There are certain things inherently against us when we set out to change our weight.
- Media Messages
- Habits that are near and dear to us
- Physical restrictions
- Emotional issues
I wanted to talk about how hard it is to lose weight when we get so many conflicting messages. The media messages we hear tell us to eat all we can eat, drink what we want, and indulge because we can. When we set out to lose weight and get healthy we are going against society norms. The fickle media also sends us the message that thin is perfection, and normal is not. It’s a mixed bag to be sure. Eat, but don’t gain weight. Indulge, but stay a size 2.
How is it possible to stay focused and have success when we are bombarded with conflicting messages on an hourly basis? It’s not easy.
One way to stay focused on your own path would be to shut yourself off from all media outlets, and don’t listen to the opinions of friends and family. You could unsubscribe from the paper, turn off the television, don’t use the internet. That would help, but then you would still see the messages in stores, on billboards, and hear them from your friends. No, shutting ourselves off from the world isn’t the best way to achieve our goals.
For me, staying true to my goals involved learning to discern the false messages from the true. I had fallen prey in the past to the message that low-fat equaled healthy. The last time I lost weight, I set my own goals, and disregarded what the mass media and society was saying about weight. I set goals for myself based on my own personal needs, and developed a realistic weight loss plan that was sustainable.
When choosing to lose weight and improve your level of fitness you are saying to other people, “I’m different. I’m set-apart. I’m not normal.” (As I was writing that sentence, I was reminded of a great post that Dr. J did on being normal.)
It’s not easy to stand up for yourself and say, “I’m not going to have that value sized meal. No, I will not partake in every food item on the buffet. Yes, I’ve got to exercise today.” It takes courage and conviction and commitment.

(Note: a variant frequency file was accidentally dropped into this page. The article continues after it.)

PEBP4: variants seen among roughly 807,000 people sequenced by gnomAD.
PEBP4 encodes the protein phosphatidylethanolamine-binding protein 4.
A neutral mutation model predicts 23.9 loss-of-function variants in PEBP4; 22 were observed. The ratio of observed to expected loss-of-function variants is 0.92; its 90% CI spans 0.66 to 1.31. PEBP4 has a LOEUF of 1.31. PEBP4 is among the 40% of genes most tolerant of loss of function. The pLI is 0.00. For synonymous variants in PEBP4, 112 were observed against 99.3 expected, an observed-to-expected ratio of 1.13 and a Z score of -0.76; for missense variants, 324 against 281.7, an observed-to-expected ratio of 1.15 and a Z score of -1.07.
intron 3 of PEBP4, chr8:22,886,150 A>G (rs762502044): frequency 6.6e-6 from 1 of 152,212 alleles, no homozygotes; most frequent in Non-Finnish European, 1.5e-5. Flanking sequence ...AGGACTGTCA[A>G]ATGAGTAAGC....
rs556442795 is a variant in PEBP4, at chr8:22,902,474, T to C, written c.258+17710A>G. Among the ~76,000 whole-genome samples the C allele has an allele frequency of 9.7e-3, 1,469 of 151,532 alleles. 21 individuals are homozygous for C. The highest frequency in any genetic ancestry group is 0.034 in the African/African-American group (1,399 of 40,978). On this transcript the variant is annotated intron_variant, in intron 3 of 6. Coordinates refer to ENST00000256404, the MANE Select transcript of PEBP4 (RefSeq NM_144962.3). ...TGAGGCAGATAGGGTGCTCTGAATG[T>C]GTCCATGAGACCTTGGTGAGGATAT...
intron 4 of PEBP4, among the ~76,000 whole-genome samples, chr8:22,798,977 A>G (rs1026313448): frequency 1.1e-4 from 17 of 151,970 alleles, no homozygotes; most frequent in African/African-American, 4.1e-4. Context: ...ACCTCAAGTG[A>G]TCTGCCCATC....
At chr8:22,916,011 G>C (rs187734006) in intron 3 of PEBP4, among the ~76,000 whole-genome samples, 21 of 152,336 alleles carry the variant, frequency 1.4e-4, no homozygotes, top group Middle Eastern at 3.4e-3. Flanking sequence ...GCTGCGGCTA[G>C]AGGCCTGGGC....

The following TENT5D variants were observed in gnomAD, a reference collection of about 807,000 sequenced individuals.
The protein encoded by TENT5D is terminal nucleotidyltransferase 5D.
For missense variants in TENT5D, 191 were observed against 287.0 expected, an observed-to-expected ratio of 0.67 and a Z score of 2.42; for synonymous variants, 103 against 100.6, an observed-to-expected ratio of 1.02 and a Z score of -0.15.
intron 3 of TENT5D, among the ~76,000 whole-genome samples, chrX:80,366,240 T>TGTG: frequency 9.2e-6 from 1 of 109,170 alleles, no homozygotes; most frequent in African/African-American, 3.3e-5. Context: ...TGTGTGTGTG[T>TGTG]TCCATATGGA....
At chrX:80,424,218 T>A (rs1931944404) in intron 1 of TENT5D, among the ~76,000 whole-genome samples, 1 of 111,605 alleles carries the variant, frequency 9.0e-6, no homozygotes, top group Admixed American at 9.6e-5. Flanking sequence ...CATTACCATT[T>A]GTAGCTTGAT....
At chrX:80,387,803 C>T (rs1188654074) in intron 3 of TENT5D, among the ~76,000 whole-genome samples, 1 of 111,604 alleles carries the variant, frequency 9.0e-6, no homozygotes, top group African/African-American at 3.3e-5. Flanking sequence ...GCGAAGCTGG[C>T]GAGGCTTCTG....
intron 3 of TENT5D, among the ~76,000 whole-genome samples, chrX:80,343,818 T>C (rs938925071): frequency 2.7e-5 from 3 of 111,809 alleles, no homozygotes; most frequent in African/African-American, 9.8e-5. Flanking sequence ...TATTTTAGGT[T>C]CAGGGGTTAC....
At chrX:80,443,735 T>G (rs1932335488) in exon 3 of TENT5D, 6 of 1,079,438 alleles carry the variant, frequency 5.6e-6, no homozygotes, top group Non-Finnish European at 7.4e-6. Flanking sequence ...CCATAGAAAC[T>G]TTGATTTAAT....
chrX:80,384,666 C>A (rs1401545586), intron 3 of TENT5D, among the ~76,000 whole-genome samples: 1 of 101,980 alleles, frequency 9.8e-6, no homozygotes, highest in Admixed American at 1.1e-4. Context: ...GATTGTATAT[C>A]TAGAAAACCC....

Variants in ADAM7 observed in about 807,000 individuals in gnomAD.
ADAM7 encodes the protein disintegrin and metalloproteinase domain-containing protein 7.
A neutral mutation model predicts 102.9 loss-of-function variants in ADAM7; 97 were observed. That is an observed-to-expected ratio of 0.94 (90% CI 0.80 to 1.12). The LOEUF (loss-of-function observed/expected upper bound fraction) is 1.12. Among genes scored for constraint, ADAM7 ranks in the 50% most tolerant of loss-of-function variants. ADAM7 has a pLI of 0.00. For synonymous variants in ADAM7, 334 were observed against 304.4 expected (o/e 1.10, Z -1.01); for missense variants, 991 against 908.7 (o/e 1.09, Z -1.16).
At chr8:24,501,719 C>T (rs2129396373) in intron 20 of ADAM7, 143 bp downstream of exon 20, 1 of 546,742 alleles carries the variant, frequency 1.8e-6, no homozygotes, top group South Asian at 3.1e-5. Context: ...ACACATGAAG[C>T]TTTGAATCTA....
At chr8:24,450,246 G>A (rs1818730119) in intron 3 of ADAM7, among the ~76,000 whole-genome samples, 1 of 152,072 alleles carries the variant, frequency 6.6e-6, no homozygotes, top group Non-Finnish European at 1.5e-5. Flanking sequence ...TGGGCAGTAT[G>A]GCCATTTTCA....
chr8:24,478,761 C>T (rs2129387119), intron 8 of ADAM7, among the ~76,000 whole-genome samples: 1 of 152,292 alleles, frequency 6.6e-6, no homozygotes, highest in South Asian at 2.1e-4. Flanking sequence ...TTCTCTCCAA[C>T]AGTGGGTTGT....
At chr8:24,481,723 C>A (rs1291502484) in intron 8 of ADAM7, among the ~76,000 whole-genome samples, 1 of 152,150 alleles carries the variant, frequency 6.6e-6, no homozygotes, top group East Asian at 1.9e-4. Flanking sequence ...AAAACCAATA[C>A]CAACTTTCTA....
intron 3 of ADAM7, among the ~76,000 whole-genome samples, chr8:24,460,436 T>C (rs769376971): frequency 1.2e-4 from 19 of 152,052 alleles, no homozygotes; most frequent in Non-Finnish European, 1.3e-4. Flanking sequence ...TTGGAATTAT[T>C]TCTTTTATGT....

I had friends and outsiders criticize me for exercising six days a week. They scoffed at me and told me that exercising was unnecessary. These were the same people who couldn’t have walked a nature trail without getting out of breath, even though they were average sized. I endured the barbed comments when I chose not to eat dessert at church functions, and I stayed strong when the commercials told me that the more chocolate I ate the happier I would be.
Standing firm on my own convictions of what was right served me well. Going against the norms of society time after time gave me the courage to keep standing up for myself. The messages I heard were often times false and not encouraging. But the messages I was telling myself were positive and true. The interesting thing is that over time, some of those same friends who scoffed at some of my decisions were the very friends who ended up changing their own lifestyles because of my example. Little by little we can not only make changes for ourselves that go against the tide, but we can also help change society. Diane